Campaigns. It is important that I continue to know the strength of feeling on an issue and I prefer to respond to every inquiry, but the sheer size of campaign correspondence means that it is hard to justify to the tax payer the cost and time taken for individual written replies, so regrettably I will no longer reply to every item of campaign correspondence.  I will  post a response to the campaign on the "Responses to campaigns" page of my website.

I am sorry to do this, as it is rather impersonal, but can see no other way of maintaining a good service for all my constituents unless I approach campaigns this way.


16 NOV 2017

Mental Health Funding

Thank you very much for taking the time to email me about funding for mental health services.

I understand your concern on this matter and I have long called for the parity of esteem between physical and mental health issues for which we legislated to be reflected in greater parity for funding. I will continue to call for more resources for both mental health services and the wider NHS and social care sector. Next Tuesday afternoon the Health Select Committee is following up on this issue in a special session which you may be interested to watch online.

I hope the following information on this topic from the Department of Health is of interest in setting out the government's view:

Tackling poor mental health must be a priority and Ministers have legislated to treat it with the same importance as physical health. Progress is being made with more Government investment in mental health and an estimated 1,400 more people accessing mental health services every day compared to 2010 - up 40 per cent, as well as around 750,000 more people accessing talking therapies since 2009/10.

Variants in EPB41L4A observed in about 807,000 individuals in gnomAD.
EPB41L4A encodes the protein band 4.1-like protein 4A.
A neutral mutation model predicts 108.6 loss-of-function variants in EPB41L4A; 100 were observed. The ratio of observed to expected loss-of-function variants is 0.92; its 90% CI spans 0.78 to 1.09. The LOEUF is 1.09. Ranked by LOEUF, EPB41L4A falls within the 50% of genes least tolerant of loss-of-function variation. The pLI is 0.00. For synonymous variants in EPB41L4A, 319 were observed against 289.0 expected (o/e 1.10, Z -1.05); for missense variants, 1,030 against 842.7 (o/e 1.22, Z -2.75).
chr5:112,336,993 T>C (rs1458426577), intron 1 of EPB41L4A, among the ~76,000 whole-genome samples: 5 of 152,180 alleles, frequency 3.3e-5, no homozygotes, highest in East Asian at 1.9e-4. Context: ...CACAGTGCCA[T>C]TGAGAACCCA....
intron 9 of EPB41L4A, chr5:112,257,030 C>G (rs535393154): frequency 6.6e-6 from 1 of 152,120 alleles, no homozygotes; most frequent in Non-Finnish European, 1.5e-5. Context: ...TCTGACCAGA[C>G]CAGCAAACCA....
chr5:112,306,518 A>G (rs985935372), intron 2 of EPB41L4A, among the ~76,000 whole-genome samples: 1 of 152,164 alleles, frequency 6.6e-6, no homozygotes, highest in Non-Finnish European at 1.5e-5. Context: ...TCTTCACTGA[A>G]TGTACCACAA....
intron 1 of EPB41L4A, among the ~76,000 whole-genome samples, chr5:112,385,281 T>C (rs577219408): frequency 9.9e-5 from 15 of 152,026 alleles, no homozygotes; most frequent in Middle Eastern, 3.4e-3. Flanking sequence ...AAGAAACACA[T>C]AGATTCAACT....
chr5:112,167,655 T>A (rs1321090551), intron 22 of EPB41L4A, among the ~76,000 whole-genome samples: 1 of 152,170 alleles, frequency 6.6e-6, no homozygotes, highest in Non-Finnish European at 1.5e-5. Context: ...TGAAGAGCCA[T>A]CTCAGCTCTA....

In February 2016, an independent Mental Health Taskforce published a new national strategy, setting out an ambitious vision for mental health services.
To make these recommendations a reality, the Government will spend an additional £1 billion on mental health by 2020-21 so that people receive the right care in the right place when they need it most. This includes increasing the number of people completing talking therapies by 600,000 per year, and helping 20,000 more people to find or stay in work through individual placement support and talking therapies.
A further £1.25 billion for perinatal and children and young people's mental health, helping professionals to intervene early and more than doubling the number of pregnant women or new mothers receiving mental health support; and training around 1,700 new therapists. To support teenagers with eating disorders, the Government is investing £150 million.
The Government has also introduced the first-ever mental health access and waiting time standards, so that 75 per cent of people referred for talking therapies to treat common mental health problems such as depression and anxiety start their treatment within 6 weeks, and 95 per cent within 18 weeks. These targets have been met and the latest data shows that in May 2016, 84 per cent of people waited less than 6 weeks and 97 per cent of people waited less than 18 weeks. Also, patients experiencing psychosis for the first time must be treated within two weeks.
The Government has announced reform to mental health policy in the latest Queen's Speech, in order to continue to reduce the number of people detained in police cells under the Mental Health Act. You may be pleased to know that in October 2017, the Prime Minister announced that the Government would embark on a comprehensive review of the Mental Health Act, which has remained unchanged for more than three decades. This review will examine existing practices, and address the disproportionately high rates of detention of people from ethnic minorities. The review will be led by Professor Sir Simon Wessely, a former president of the Royal College of Psychiatrists, and he will consider the needs of all users of mental health services and their families, and improve the system's support for those during a mental health crisis.

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